With a relatively unstable dividend, it's even more important to evaluate if earnings per share (EPS) are growing - it's not worth taking the risk on a dividend getting cut, unless you might be rewarded with larger dividends in future. While there may be fluctuations in the past , Nang Kuang Pharmaceutical's earnings per share have basically not grown from where they were five years ago. Flat earnings per share are acceptable for a time, but over the long term, the purchasing power of the company's dividends could be eroded by inflation. Nang Kuang Pharmaceutical's earnings per share have barely grown, which is not ideal - perhaps this is why the company pays out the majority of its earnings to shareholders. When a company prefers to pay out cash to its shareholders instead of reinvesting it, this can often say a lot about that company's dividend prospects.

Conclusion

When we look at a dividend stock, we need to form a judgement on whether the dividend will grow, if the company is able to maintain it in a wide range of economic circumstances, and if the dividend payout is sustainable. Nang Kuang Pharmaceutical gets a pass on its dividend payout ratio, but it paid out virtually all of its cash flow as dividends. This may just be a one-off, but we'd keep an eye on this. Second, earnings have been essentially flat, and its history of dividend payments is chequered - having cut its dividend at least once in the past. In summary, Nang Kuang Pharmaceutical has a number of shortcomings that we'd find it hard to get past. Things could change, but we think there are likely more attractive alternatives out there.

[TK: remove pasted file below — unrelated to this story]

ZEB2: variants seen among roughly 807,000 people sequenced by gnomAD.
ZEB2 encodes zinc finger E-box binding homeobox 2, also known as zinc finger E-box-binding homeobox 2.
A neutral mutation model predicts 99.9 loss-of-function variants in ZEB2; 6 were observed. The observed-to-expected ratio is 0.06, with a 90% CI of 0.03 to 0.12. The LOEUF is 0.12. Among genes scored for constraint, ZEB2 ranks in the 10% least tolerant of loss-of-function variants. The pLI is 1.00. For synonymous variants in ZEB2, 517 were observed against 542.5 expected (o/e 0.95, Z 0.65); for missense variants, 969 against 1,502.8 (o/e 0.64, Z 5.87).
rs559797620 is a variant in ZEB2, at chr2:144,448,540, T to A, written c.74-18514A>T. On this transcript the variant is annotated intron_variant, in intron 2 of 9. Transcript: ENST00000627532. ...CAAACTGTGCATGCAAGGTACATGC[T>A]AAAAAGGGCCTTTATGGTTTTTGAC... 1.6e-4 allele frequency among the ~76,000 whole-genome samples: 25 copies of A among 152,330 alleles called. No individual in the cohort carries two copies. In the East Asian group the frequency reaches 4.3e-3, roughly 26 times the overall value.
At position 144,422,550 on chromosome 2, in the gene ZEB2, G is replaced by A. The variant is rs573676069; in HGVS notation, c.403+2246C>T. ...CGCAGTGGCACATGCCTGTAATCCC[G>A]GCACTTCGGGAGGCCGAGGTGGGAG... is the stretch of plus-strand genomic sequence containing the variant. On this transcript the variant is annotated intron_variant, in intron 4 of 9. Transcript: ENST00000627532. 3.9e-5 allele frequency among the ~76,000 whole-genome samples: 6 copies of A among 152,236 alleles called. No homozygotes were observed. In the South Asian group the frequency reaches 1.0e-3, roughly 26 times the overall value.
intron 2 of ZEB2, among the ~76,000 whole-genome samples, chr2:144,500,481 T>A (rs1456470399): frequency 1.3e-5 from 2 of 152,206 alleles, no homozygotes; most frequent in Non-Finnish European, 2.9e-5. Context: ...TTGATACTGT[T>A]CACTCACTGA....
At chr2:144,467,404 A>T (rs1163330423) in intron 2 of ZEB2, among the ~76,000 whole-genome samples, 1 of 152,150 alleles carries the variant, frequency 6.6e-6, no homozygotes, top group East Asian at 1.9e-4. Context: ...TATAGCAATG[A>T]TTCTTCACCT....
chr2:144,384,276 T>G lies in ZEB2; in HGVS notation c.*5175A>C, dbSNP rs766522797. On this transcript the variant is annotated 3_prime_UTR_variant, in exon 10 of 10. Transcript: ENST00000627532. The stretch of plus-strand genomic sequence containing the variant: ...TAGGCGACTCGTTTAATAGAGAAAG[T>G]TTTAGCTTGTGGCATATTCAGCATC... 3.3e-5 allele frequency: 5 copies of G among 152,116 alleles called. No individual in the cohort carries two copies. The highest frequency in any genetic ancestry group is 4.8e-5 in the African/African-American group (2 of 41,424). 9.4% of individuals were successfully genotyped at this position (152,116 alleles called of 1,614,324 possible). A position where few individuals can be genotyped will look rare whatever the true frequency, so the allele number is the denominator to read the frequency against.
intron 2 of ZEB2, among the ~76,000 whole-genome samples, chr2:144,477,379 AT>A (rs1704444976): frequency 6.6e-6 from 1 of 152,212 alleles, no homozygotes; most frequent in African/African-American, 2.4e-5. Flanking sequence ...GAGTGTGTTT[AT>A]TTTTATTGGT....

It's important to note that companies having a consistent dividend policy will generate greater investor confidence than those having an erratic one. Still, investors need to consider a host of other factors, apart from dividend payments, when analysing a company. For example, we've identified 2 warning signs for Nang Kuang Pharmaceutical (1 makes us a bit uncomfortable!) that you should be aware of before investing.

If you are a dividend investor, you might also want to look at our curated list of dividend stocks yielding above 3%.

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This article by Simply Wall St is general in nature. It does not constitute a recommendation to buy or sell any stock, and does not take account of your objectives, or your financial situation. We aim to bring you long-term focused analysis driven by fundamental data. Note that our analysis may not factor in the latest price-sensitive company announcements or qualitative material. Simply Wall St has no position in any stocks mentioned.